You are here
Politico: Simplifying the ratification of EU international trade agreements European Union 

Politico: Simplifying the ratification of EU international trade agreements

 Simplifying the European Commission’s ratification of EU international trade treaties, according to the body’s draft proposal, future conventions should not go through nearly 40 competent national and regional parliaments – the Politico Brussels news portal on Friday said.

    According to this article, the committee intends to speed up the adoption of trade agreements and to avoid a situation like the ratification of a free trade agreement with Canada that the process has shortly failed because of the resistance of the 3.5 million Belgian province of Wallonia.
    Jean-Claude Juncker, the President of the European Commission, is expected to talk about this in its September 13 assessment, and the Brussels body will present its proposals some days later, but it will still have to be approved by the Council of EU Member States.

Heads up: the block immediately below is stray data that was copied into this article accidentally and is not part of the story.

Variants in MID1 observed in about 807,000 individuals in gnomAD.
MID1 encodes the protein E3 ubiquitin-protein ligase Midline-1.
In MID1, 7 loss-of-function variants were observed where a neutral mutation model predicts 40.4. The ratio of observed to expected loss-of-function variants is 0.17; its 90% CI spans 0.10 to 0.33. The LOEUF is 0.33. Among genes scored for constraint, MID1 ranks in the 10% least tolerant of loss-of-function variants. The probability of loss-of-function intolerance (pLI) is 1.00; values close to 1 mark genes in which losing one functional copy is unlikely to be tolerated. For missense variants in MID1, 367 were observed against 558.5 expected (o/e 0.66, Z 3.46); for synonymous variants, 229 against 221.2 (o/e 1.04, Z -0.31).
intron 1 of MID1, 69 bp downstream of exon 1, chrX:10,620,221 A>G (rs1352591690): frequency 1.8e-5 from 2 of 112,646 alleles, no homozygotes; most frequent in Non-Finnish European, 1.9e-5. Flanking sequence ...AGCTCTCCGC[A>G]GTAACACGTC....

The new model would break the agreements into two parts, the vast majority of the provisions of the commercial treaties being the exclusive competence of the EU, so that they should only be approved by the Council of Member States and the European Parliament. The approval of the parliaments of the Member States would only be needed in the case of provisions relating to foreign investment or dispute settlement between investors and states, which would simply be cut out of the agreements and accepted by other means.
    This principle was stated by the European Court of Justice in its May constitutional judgment on the Free Trade Agreement between the European Union and Singapore.
    Politician has reported that Juncker will initiate the opening of free trade negotiations as soon as possible with Australia and New Zealand.
    According to experts, if this is the way to overcome the cumbersome ratification process, which is “the biggest weakness of the EU’s trade policy”, then a trade agreement that may enter into force after Brexit will be much easier to reach between the European Union and the United Kingdom.
    “Contrary to public opinion, this does not mean that national parliaments lose their say,” said Marco Bronckers, a professor at the University of Leiden for the news site, adding that the governments of the Member States could also seek parliamentary opinion before ratification at EU level.


Share Button

További Hírek:

Leave a Comment